What makes it possible for people all over the planet to finish their educations, make a living, and raise healthier children? If you know us at all, you know what’s coming… Birth control! Couples around the world have been using some form of it for centuries, because having the power to control when you have children is a big effing deal. But what forms of birth control are people around the world using today? Let’s take a look.
The lay of the land
Many countries, including the U.S., check in with their residents from time to time to find out what birth control methods people are using. Lucky for birth control nerds like us, the United Nations then brings all this information together so we can compare and contrast. People decide what birth control to use based on all kinds of factors: their experiences with methods, what they hear about methods from friends and family, their access to health care services, cost, and convenience.
In these charts:
Couples using “no method” may be trying to get pregnant, may not have had sex before, or may want to use a method but lack access.*
Hey neighbor: A look at the U.S., Canada, and Mexico
When it comes to North American countries and birth control, we’re more different than you might imagine. In the U.S., the most popular methods are the pill and female sterilization. In Canada, the pill and male sterilization (a.k.a. vasectomy) reign. In Mexico, female sterilization wins the day, hands down.
Compared to men in Canada, way fewer U.S. men have vasectomies (22% vs 7%); men in Mexico aren’t big fans either (2%).
Compared to the U.S. and Canada where the pill is the most popular non-permanent birth control method, women in Mexico are not into the pill—only about 4% use it.
The IUD is a different story—more than twice as many women in Mexico use one compared to women in the U.S. (10% vs 4%). Canadian women are even less likely to use an IUD.
The big leagues: Birth control in Brazil, India, and China
What’s up in large and economically growing countries like Brazil, India, and China? Like in the U.S., the pill and female sterilization are the most popular methods in Brazil. India is more like Mexico—the majority of women use female sterilization. China is totally different, with over 40% of women using the IUD.
Very few women in India and China use the pill, and almost none use the shot. Both China and India have had government policies to get people to use birth control, including people who wouldn’t have made that choice without the government getting involved. Although these government policies have shifted over time in both countries, they remain an ongoing issue in some places, despite the fact that most member countries of the United Nations have supported the right of couples “to decide freely and responsibly the number and spacing of their children and to have the information, education and means to do so” since the 1960s.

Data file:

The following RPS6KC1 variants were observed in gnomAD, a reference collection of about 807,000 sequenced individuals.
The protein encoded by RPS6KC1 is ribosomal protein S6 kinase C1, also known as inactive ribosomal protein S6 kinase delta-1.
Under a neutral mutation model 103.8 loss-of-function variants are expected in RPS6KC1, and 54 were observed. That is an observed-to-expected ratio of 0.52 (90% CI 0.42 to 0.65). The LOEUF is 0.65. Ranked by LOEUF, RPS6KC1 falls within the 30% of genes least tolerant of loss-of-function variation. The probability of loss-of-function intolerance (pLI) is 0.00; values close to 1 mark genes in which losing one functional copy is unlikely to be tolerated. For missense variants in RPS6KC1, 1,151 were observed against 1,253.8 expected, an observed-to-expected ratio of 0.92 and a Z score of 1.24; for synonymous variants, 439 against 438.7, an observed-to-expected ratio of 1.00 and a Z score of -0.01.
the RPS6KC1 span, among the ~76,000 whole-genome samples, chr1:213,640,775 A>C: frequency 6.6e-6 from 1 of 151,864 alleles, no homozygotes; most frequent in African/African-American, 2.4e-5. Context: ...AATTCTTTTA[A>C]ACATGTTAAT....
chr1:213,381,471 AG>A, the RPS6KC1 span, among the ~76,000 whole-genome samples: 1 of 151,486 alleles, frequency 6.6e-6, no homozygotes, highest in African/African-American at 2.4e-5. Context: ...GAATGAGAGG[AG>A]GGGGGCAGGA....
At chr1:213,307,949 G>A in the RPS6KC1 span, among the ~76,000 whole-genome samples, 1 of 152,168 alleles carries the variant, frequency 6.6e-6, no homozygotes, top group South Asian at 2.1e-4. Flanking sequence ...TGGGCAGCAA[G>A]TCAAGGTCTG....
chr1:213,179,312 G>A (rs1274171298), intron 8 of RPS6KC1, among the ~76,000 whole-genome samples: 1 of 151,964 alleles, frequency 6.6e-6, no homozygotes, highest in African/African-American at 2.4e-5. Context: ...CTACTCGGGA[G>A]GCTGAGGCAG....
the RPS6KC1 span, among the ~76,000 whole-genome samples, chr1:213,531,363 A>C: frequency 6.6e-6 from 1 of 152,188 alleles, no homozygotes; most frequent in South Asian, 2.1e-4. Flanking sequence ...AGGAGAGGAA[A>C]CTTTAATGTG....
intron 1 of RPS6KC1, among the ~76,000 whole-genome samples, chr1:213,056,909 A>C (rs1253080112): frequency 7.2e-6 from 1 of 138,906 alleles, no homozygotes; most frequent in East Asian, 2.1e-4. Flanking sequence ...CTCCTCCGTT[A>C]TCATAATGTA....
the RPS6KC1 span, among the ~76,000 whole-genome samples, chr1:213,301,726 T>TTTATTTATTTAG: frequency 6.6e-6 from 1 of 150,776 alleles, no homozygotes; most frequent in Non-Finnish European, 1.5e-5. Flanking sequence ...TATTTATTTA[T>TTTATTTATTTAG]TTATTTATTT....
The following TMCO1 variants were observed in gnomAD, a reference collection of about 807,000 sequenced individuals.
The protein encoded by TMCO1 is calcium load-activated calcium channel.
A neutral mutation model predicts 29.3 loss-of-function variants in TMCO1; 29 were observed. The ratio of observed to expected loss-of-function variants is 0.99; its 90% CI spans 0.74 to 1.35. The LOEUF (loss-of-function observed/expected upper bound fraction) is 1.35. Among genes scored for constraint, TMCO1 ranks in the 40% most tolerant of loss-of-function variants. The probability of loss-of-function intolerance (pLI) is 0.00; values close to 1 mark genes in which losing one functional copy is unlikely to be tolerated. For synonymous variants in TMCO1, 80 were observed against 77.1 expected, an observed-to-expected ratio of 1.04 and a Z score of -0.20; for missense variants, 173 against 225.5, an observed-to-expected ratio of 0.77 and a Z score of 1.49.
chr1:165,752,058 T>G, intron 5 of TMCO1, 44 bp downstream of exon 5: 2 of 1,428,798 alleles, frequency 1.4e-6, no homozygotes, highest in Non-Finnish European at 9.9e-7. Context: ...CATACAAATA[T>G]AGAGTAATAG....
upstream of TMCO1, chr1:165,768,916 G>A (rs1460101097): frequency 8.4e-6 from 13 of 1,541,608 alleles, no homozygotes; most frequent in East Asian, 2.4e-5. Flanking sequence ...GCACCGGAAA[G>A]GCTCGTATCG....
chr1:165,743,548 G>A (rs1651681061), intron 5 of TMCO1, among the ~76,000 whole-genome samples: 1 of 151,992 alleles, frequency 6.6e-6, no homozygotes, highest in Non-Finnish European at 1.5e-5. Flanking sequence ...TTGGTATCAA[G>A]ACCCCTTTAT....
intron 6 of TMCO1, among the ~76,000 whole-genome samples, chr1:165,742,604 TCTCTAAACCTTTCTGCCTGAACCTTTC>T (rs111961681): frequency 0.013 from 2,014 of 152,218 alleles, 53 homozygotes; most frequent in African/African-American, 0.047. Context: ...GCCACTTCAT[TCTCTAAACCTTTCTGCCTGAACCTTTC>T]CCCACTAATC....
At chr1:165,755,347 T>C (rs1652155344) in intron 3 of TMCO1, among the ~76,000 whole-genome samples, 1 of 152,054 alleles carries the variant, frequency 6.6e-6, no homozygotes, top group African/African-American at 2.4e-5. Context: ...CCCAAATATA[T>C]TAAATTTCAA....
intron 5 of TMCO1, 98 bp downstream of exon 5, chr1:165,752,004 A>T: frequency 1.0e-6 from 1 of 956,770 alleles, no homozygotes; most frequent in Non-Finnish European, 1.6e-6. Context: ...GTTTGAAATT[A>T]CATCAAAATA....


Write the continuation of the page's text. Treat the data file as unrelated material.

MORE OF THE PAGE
Could be better—but could also be (a lot) worse
While the U.S. has its ups and downs with birth control access, we’re pretty lucky compared to some countries. Up to 40% of women in Haiti have completed their families or want to delay their next baby by two or more years but aren’t using birth control. We don’t know how many women feel that way in Afghanistan, but we know only about 20% of women there are using birth control. Some of this is certainly about personal choice, but some is about terrible access to health care of all kinds.
So on this fine World Contraception Day, women in the U.S. can be thankful for the access to birth control we do have. (BTW, it could be a good time to make sure your health insurance plan is set to renew or look into buying a plan when the new enrollment period starts on November 15th.) If you’ve already got your birth control covered, how about supporting better access for others? You could give a shout out or a helping hand to one of these groups working to make birth control more accessible to women in Haiti and Afghanistan.
Association Pour la Promotion de la Famille Haitienne (PROFAMIL) is a dedicated women’s health care provider in Haiti.
Dr. Paul Farmer’s Partners in Health works on better health care in Haiti, including birth control.
Marie Stopes International is one of the few dedicated women’s health care providers in Afghanistan.
Happy World Contraception Day to you and yours!
*A caveat for the statistically minded: not all of these comparisons are strictly apples to apples. The ages of women included in each survey may be slightly different, and some surveys only consider women in relationships or those who have had sex at least once. In some places our numbers disagree with the United Nations chart because—as hardcore birth control geeks—we searched for more up-to-date numbers.